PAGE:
FOREWORD BY THE HUMANITARIAN COORDINATOR
Two-thousand-and-eighteen was a year of transition for Iraq. As the country gradually transformed from a nation gripped by the armed conflict against the Islamic State of Iraq and the Levant (ISIL) to one where normal life was slowly but surely resuming, the humanitarian community in Iraq had to evolve as well. Whereas the response in recent years had been focused on the immediate lifesaving needs of those fleeing ISIL, in 2018, vulnerable Iraqis began to show differentiated needs: those in protracted displacement with no immediate prospects of returning home; those who had returned home but found there was a lack of security or services; and those who wanted to return home but found they could not for a variety of reasons. Humanitarian actors were required to respond accordingly. In parallel, political and ethnosectarian changes were also underway in the country, adding an additional level of uncertainty to humanitarian programming.
The year ahead promises to also be complex, but due to several emerging data sets, the humanitarian community has a better grasp of the challenges which it will face in serving the people of Iraq. Out of an estimated 6.7 million people in need, the humanitarian system will target 1.75 million, a population which includes both incamp and out-of-camp IDPs, returnees, and vulnerable host communities. We will seek $701 million to carry out operations falling under three Strategic Objectives: (1) post-conflict transition towards durable solutions; (2) ensuring the centrality of protection; and (3) strengthening contingency planning and preparedness. Iraq’s approximately 1.8 million remaining internally displaced persons must be presented with options beyond life in an IDP camp, and the international community—in partnership with the Government of Iraq and the Kurdistan Regional Government—must begin preparing for this eventuality. However, it is becoming more obvious each day that certain groups will need extra support if they are ever to make the transition back to their communities—among these groups, families with perceived affiliations to extremist organizations are among the most vulnerable. All of this will be implemented in a country that is prone to a daunting set of environmental challenges and natural hazards, including floods, earthquakes and droughts. Humanitarians and their government counterparts must undertake collective preparedness and contingency planning to meet identifiable risks which could impact the realization of our humanitarian mandate.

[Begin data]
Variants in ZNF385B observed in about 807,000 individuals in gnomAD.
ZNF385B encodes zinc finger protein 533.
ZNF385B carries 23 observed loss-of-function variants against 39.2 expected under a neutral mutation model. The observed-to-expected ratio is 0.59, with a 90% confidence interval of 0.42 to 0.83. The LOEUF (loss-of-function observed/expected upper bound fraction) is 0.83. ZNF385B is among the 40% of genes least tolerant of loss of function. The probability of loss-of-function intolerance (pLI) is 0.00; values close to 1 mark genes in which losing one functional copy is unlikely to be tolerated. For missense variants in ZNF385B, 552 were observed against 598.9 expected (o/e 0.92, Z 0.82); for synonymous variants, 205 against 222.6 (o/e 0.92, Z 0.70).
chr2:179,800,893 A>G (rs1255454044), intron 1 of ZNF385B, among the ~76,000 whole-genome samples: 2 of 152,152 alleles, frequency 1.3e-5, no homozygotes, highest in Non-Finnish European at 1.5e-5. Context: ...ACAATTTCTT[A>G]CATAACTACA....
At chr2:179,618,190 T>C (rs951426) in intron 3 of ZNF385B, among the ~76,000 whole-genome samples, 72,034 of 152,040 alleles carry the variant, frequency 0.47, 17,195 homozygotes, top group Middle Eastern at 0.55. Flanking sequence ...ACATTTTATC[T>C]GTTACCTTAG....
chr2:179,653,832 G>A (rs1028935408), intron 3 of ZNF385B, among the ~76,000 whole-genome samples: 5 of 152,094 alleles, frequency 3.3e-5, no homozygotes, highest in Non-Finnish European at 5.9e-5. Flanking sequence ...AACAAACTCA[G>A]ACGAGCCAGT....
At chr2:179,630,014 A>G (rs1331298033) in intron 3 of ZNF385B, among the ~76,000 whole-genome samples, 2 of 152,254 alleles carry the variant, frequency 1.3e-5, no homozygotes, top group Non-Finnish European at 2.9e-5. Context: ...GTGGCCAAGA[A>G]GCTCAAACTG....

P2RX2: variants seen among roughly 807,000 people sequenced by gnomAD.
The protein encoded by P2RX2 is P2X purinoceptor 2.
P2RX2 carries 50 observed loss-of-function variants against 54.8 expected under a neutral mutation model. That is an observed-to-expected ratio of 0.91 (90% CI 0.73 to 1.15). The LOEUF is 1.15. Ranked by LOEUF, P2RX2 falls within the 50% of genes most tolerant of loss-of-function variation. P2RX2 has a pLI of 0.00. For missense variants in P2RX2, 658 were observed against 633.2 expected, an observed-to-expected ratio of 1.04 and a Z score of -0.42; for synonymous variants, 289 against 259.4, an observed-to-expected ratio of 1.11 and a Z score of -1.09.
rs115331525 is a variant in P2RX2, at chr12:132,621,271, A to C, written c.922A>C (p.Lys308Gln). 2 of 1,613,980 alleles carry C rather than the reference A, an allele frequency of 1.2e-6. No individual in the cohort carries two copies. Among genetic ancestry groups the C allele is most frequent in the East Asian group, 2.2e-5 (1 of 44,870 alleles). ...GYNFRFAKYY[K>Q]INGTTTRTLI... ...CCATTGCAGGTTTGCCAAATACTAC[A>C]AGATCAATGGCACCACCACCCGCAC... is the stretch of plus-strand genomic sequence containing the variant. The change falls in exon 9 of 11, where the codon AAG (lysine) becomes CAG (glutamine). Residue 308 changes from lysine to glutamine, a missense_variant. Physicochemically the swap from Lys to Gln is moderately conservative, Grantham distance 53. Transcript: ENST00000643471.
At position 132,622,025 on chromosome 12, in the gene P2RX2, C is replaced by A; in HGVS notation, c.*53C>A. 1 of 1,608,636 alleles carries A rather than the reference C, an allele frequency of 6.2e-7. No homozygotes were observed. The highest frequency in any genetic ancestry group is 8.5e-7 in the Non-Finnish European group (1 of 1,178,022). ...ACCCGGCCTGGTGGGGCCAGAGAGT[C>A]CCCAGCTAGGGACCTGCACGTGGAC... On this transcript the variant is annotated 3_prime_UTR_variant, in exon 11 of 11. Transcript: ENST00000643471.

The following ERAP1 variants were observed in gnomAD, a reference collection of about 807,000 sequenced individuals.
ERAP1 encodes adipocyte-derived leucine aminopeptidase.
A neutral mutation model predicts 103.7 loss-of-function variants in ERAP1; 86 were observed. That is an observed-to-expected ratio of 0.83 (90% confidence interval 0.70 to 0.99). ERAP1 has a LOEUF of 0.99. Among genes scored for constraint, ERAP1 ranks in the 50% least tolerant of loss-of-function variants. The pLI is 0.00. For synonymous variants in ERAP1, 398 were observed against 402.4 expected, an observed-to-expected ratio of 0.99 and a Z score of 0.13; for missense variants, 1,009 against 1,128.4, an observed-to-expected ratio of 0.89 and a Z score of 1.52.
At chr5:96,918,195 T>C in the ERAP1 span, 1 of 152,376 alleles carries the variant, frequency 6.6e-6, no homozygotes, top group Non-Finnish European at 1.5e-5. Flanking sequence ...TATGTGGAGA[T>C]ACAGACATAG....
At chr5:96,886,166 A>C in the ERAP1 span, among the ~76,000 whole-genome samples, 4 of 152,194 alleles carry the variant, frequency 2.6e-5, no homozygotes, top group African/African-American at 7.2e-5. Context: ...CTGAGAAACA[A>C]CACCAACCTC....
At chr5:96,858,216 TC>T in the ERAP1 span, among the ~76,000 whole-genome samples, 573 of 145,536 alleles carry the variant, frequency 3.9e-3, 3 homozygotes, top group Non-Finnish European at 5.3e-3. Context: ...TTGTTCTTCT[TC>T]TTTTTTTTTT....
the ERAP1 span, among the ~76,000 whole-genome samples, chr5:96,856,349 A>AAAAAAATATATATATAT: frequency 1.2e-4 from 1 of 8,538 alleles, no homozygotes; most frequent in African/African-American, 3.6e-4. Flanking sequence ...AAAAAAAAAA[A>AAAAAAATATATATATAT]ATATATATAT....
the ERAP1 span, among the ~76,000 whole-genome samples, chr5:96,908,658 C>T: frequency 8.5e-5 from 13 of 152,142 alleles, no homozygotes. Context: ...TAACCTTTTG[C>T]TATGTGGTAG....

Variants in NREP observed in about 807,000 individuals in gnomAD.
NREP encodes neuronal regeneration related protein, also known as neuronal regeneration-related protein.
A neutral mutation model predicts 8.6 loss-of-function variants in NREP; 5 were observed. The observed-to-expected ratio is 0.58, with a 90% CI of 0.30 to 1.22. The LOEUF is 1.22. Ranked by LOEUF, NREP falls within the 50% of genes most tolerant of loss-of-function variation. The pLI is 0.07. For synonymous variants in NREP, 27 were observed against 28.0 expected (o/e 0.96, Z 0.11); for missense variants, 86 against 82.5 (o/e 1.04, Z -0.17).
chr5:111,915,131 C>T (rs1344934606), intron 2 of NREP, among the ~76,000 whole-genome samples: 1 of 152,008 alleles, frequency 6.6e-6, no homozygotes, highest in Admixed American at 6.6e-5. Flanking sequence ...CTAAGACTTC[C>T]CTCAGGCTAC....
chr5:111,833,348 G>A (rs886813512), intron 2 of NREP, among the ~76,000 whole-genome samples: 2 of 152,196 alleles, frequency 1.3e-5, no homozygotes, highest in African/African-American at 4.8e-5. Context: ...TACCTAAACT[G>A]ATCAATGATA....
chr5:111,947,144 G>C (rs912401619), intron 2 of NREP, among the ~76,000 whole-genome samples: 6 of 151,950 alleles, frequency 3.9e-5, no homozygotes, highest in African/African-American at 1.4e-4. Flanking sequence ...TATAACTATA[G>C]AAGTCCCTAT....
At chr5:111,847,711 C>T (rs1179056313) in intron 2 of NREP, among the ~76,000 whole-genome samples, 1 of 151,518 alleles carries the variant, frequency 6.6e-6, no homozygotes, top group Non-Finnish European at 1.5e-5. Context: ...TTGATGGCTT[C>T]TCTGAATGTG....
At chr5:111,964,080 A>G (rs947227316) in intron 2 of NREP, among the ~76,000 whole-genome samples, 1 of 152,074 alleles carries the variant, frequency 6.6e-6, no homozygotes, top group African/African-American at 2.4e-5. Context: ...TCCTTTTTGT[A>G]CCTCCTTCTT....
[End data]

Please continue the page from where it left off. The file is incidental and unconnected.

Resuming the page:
As the overall number of IDPs in Iraq continued to decrease during 2018—from an overall high of 6 million at the height of the conflict to an estimated 1.8 million now—the closure and consolidation of IDP camps became an operational priority for both the government and the United Nations. The humanitarian community has an obligation to ensure that minimum standards are maintained, and camps with poor infrastructure in remote locations which host a limited number of families are not efficient or effective at serving the needs of IDPs. Thus, camp consolidation and the transfer of IDPs to larger camps with better service provision—including medical services, schools and improved security arrangements—is one of the goals of humanitarian actors in Iraq in 2019. However, in keeping with the Strategic Objective of ensuring the centrality of protection, the UN will continue to advocate that all such activities are safe, dignified, informed, voluntary and sustainable.
It is a privilege to be serving here in Iraq when the country is at a critical crossroads. Together with United Nations agencies, NGO partners and government counterparts, I will renew my dedication to ensuring that vulnerable Iraqis are able to access the assistance they need to continue rebuilding their lives.
Ms. Marta Ruedas